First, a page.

Didier Lombard always seemed to be a good egg. It was reassuring to see a techie – he started off in the R&D department – rise to the top of a major company like France Telecom. Too often it’s a smooth bureaucrat, or smoother marketing man, who gets that kind of job.
So it’s disappointing to see France Telecom in disarray over claims of a bullies’ culture which has, allegedly, led to 35 suicides and another 20 attempted suicides. These are now under investigation by the public prosecutor of Paris.
The catalyst for the bullies’ culture came from a policy initiated under Lombard called ‘Time To Move’ which imposed involuntary transfers on staff.
Last August, a network maintenance engineer jumped from a motorway viaduct after being forcibly transferred to a call centre near Annecy where working conditions were described by the unions as ‘unbearable’. He left a note blaming work conditions.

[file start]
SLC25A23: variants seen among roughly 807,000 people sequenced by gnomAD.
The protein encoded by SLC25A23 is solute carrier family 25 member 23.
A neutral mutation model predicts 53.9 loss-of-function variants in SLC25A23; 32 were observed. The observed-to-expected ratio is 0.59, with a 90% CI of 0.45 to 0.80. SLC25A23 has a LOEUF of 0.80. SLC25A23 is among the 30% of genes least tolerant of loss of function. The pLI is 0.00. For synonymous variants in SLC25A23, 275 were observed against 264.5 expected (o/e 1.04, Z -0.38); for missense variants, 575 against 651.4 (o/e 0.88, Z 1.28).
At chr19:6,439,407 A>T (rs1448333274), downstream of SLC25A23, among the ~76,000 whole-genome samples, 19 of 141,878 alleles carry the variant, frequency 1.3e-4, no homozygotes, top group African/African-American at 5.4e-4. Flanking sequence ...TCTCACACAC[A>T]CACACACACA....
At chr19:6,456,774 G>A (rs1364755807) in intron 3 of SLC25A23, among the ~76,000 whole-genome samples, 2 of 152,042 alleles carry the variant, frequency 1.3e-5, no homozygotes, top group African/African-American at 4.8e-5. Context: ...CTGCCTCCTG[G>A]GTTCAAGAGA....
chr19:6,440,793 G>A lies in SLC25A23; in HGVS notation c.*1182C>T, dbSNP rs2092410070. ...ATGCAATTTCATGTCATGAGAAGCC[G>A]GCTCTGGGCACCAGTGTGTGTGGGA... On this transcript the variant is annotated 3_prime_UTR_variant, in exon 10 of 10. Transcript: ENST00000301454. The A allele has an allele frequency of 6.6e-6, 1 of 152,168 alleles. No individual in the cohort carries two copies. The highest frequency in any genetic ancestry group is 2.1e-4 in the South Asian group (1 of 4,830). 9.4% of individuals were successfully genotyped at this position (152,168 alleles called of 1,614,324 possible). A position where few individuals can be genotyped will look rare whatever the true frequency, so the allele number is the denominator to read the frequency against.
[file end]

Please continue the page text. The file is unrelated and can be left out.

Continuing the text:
As a result of that case, a local government investigation of France Telecom is underway for ‘suspicion of manslaughter through lack of care, inattention, negligence and failing to respect a duty of prudence’.
Last month, a discredited Lombard was replaced as CEO of France Telecom. That followed a report from the French Health and Safety executive which said France Telecom used psychological pressure to try and shed 22,000 people between 2006 and 2008.
The Health and Safety people described the pressure as ‘brutal’. France Telecom’s own doctors had warned management that the programme was putting too much stress on employees.
The case of France Telecom is seen as an indicator of whether French industry can proceed with its apparent intentions of introducing kick-ass American-style macho management.
That’s all very alien to the French way of life, but is globalisation making it inevitable?